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Lag in Punjab’s development spending

Updated April 24, 2017


The likely loss in Punjab’s estimated general receipts, for the ongoing fiscal year, owing to an expected shortfall in federal transfers and a lower-than-targeted provincial tax and non-tax revenue collection, points a significant cut in its planned development spending for the year.

Punjab, according to officials making the budget for 2017/2018, expects its estimated share of Rs1.04tr from federal transfers (under the National Finance Commission (NFC) award) during the present fiscal year to decrease by almost a tenth, to Rs939bn, because of the projected shortfall of over Rs300bn in the Federal Board of Revenue’s targeted tax collection.

Additionally, the province is also struggling to meet its own provincial tax and non-tax collection targets of Rs184.43bn and Rs95.6bn. The civil account for the first eight months of the present year to February show that the overall provincial tax and non-tax revenue collection of Rs149.73bn fell short of the (pro rata) target of Rs186.70bn by almost a fifth.

The government’s civil accounts, however, show that it has utilised less than a third of the amount, or just Rs180bn, in the first eight months of the fiscal year

In the first eight months, the province managed to rake up only 55pc — Rs101.89bn — of tax and almost half — Rs47.83bn — of the non-tax revenue targets.

Accounts show the provincial authorities are facing significant deficit in provincial sales tax on services and property tax collection. The government expects 35pc to 40pc growth in its provincial tax revenues over the last year.

“We are looking at a shortfall of between 7pc and 11pc in the total estimated provincial revenue receipts of Rs1.32tr by the close of this financial year,” an official told Dawn. “The impact of this revenue loss will primarily reflect in the development spending cut at the end of the year.”

The Shahbaz Sharif government had announced development spending of Rs550bn, including the core annual development programme of Rs471.48bn, for the current year.

The estimated development investment for the current financial year is 37.5pc greater than the original estimates of Rs400bn, including core development spending of Rs333bn, for 2015/2016, that the Punjab government planned to finance through revenue surplus of Rs435bn, foreign project assistance and a Chinese loan of Rs85bn for the controversial, $1.65bn Lahore Metro Orange Line Train Project.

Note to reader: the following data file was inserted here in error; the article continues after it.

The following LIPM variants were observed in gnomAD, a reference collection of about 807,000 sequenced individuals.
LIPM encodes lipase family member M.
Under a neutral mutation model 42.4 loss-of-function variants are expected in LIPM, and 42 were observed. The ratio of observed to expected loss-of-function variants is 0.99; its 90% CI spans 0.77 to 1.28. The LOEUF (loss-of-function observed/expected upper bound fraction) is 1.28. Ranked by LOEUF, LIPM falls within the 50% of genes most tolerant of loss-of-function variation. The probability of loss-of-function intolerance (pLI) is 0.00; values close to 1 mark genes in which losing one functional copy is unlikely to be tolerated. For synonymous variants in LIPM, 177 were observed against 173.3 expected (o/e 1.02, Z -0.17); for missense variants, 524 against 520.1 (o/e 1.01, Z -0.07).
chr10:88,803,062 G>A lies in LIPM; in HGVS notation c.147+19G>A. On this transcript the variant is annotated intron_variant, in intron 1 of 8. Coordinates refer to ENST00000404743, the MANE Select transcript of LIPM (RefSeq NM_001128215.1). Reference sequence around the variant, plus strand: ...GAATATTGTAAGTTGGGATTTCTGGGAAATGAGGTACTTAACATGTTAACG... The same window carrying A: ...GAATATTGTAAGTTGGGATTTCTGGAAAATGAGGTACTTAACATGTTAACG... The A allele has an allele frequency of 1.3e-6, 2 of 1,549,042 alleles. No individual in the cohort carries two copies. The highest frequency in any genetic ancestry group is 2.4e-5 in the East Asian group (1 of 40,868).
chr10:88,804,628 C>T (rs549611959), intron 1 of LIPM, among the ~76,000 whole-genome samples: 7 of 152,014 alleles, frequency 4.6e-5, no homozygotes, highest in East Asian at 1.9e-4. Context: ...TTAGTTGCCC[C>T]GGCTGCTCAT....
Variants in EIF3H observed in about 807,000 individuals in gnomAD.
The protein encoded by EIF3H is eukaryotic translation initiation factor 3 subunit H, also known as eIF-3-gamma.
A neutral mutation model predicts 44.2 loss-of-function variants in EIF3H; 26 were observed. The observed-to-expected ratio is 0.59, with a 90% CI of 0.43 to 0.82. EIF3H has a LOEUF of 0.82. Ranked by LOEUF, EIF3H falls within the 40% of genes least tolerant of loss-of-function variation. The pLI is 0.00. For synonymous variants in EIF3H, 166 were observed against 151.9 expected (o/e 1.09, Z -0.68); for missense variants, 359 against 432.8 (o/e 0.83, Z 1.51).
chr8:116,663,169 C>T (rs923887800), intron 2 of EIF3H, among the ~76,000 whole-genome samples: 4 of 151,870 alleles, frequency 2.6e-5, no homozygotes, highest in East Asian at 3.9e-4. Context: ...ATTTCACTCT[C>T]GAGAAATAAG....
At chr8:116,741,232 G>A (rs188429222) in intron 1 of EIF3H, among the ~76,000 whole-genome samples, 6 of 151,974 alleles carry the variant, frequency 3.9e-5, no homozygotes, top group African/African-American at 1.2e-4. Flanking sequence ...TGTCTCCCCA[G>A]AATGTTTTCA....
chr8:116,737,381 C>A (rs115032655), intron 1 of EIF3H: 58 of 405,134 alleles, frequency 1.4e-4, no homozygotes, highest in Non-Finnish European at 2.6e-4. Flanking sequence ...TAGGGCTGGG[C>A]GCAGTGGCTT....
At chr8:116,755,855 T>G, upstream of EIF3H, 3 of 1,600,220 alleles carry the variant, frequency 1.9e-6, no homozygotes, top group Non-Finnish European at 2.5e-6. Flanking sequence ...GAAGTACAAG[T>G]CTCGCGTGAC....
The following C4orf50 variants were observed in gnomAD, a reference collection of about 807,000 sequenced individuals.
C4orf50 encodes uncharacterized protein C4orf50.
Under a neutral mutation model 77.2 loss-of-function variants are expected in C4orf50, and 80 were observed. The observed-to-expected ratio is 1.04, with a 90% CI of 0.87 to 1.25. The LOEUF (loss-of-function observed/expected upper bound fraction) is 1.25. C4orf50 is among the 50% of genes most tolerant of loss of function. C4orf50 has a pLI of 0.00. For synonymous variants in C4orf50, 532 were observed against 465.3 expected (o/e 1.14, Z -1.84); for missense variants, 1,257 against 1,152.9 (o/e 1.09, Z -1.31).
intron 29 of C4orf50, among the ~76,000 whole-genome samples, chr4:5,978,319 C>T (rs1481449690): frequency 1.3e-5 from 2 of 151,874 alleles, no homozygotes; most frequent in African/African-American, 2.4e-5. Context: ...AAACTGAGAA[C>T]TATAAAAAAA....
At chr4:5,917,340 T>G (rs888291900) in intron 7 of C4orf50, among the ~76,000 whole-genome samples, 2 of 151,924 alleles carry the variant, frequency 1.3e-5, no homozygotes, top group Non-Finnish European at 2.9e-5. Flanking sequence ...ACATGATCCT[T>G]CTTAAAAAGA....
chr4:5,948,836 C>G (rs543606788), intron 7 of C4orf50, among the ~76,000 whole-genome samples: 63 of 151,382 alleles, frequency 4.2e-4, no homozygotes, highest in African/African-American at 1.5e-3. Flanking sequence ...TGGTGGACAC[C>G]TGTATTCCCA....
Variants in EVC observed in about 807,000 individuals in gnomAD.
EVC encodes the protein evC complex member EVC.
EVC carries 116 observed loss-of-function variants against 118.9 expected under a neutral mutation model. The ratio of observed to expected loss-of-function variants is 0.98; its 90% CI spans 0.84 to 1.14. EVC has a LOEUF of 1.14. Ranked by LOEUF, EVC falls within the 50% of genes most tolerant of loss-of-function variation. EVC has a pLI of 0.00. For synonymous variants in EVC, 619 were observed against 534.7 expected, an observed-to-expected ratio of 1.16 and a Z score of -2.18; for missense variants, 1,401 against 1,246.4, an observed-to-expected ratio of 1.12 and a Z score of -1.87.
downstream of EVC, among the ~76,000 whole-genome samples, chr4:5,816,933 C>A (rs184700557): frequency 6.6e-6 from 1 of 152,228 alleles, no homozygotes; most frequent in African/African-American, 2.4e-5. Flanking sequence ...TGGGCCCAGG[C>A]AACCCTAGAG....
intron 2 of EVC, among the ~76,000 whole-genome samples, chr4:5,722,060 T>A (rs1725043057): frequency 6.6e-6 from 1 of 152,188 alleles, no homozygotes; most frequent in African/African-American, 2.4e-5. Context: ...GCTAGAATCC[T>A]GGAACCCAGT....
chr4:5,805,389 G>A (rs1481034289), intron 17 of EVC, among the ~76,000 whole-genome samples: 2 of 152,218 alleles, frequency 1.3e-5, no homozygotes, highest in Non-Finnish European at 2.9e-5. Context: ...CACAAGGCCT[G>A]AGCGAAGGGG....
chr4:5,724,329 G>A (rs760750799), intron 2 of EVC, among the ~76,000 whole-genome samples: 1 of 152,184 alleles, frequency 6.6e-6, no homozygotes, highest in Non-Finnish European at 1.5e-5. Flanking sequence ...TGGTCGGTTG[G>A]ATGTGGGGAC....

The government’s civil accounts however show that it has utilised less than a third of the amount or just Rs180bn in the first eight months of the fiscal year. But the officials said the actual utilisation of the development funds will exceed 80pc by the end of the year.

The government’s development spending was estimated at the time of presentation of the budget for the present year to create half a million jobs in the province through investment in large infrastructure projects in the transport, energy, irrigation, agriculture and other sectors.

The budget for the next fiscal year, officials said, will aim to achieve the goals the government has set for itself in its three-year Punjab Growth Strategy 2015/2018, which targets to stimulate economic growth in the province to 7pc to 8pc by the end of the next financial year, attract private investment through construction of infrastructure, alleviate poverty and improve security conditions.

Ever since she took charge of the provincial finances, Ayesha Ghaus-Pasha has implemented a slew of reforms to make the budget-making process a participatory effort by involving public representatives, business community and academia, increase development fund utilisation, improve social service delivery, raise tax revenue, encourage accountability of those responsible for implementation of the government policies, etc.

Spelling out her priorities at a meeting with economic reporters in Lahore last week, provincial finance minister Ayesha Ghaus-Pasha had said she intended to carry on the tax and expenditure reforms and implement outcome based budgeting, as well as continue to increase the development budget for the social sector and infrastructure, in the next budget for the year 2017/2018, to create jobs.

“The next budget will also be people-friendly and the social sector — health, education, etc — will continue to get top priority in resource allocations,” she said. “We have been raising allocations for education and health for the past few years and the trend will continue to hold. Besides, the provincial spending on construction of transport, energy, agriculture, and irrigation infrastructure will also continue to receive higher allocations for job creation in the province.”

Published in Dawn, Business & Finance weekly, April 24th, 2017